Tuesday, June 21, 2016

Declarative State Management in Android Activities

TL;DR: State management in android can be nasty. Check out the code links at the bottom that use annotations to make it better.

State management in Android is a challenge for all developers, novice to experienced. Recently I ran into a scenario where I needed to persist a non parcelable/serializeable object on orientation change. Woe was me, with onRetainNonConfigurationInstance() already persisting another object I didn't want to create a map to hold both of these objects. So how can we fix this problem?

For the uninitiated, lets go over the two mechanisms for persisting data in activities.

The first is through a bundle. In android you can save primitives and serializable/parcelable data into a bundle when your activity is being destroyed via the onSaveInstanceState() method. This can then be retrieved from the bundle in the onCreate() method of your activity. If you want to learn more about this approach you can check out the description in the developer docs.

The second approach is to use onRetainNonConfigurationInstance(). By overriding this method you can return an arbitrary object that you can then access in onCreate(). This stackoverflow post does short work of explaining how to use this approach.

Both of these approaches have their drawbacks. Using a bundle limits the type of data you can persist, while using onRetainNonConfigurationInstance() limits you to saving one object (with the added risk of overriding the method in a child class). In addition, both of these approaches require the developer to repeat code to manage saving and retrieving each piece of data.

I'm bored, give me your secrets Knave!

Okay, I got the message. What I needed was an approach for persisting data that would be concise and flexible, something that would be as simple as annotating fields that should be persisted. And with a little bit of structure and fiddling you can do exactly that.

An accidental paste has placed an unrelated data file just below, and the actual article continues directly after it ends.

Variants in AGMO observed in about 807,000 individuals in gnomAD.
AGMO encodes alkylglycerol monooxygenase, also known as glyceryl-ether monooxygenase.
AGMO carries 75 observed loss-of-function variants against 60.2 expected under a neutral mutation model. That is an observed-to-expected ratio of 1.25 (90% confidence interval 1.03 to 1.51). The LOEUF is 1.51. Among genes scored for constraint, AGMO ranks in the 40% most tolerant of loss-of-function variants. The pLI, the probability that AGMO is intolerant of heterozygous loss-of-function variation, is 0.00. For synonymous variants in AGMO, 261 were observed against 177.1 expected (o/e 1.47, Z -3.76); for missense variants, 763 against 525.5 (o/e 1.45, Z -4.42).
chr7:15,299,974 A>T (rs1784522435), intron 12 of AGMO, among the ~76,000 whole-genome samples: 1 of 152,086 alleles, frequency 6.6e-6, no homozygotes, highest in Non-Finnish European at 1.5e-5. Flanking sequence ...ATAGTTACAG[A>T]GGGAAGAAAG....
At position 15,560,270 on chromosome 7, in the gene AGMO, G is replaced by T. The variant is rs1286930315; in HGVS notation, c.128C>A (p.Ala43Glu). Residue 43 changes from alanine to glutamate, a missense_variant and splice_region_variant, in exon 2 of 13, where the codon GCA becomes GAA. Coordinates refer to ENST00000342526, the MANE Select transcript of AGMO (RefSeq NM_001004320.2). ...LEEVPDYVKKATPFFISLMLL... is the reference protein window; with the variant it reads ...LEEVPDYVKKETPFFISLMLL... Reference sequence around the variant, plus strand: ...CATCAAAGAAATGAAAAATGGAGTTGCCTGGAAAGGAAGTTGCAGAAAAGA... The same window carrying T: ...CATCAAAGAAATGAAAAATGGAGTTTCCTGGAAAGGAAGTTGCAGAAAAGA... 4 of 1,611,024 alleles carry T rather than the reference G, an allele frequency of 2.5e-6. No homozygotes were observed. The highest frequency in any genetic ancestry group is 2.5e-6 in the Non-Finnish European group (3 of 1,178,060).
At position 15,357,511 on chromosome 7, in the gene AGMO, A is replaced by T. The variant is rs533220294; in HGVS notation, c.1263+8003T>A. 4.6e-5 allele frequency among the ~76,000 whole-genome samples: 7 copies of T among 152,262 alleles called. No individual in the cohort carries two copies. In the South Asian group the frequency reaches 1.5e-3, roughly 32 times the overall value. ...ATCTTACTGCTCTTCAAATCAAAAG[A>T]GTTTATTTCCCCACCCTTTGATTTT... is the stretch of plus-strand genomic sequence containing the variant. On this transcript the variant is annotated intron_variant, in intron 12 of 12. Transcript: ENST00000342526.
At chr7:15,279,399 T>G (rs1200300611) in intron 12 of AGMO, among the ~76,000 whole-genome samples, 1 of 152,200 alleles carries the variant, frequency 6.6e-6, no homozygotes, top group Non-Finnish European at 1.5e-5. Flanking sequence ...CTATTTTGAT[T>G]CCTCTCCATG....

First go ahead and create a new android application with an empty activity (go with the default name, MainActivity). We are going to put a Button and TextView in MainActivity. When we tap the button the value in the text view should change. After rotation we should expect the value in the view to remain the same.
Go ahead and run the project. You should see a screen pop up with a text view, and a button. Tap the button a few times to see the count change and then rotate the screen. Unfortunately the value will not be persisted and the value of the text view will return to 0.

So let's fix this! First, we will have to create a BaseActivity that all of your activities can extend. Sidenote: this is a good practice to follow in general.
In your BaseActivity, create a new annotation:

Now override onRetainNonConfigurationInstance() to find all the fields with the annotation in the object and save them to a map.

For those of you who have never written an annotation, we are using reflection to get access to all the fields in the activity object and then getting the values of the fields that are marked with our @Persistable annotation.

Great! So now we are saving our persisted data. The next step is to read back the values.

In onCreate we are going to get the data using getLastNonConfigurationInstance(), then we will use reflection again to set the values of any @Persistable fields.

At this point we need modify our MainActivity to work with our new persistence framework. All we need to do is change which activity we are extending to BaseActivity and add the @Persistable annotation to our count variable.

Go ahead and run the project. You should see a screen pop up with a text field, and a button. Tap the button a few times to see the count change and then rotate the screen. You should see the count remain unchanged.

Part 2

Before we wrap things up we are going to clean things up a bit.
First we are going to recursively get the fields for the object and it's super classes. Right now if we tried to persist an object in BaseActivity it would be ignored, this will address that problem. While we are at it we will make onRetainNonConfigurationInstance final so none of our subclasses override it.

Run the Project and check that it still works correctly.

Next we are going to clean up the logic in BaseActivity.onCreate() by moving the logic for reinitializing fields to another method.

Congratulations! You have just implemented declarative persistence! Share your thoughts about the approach in the comments.

Ugh, sure. Check out the full sample project here
Of special interest is the BaseActivity and the MainActivity


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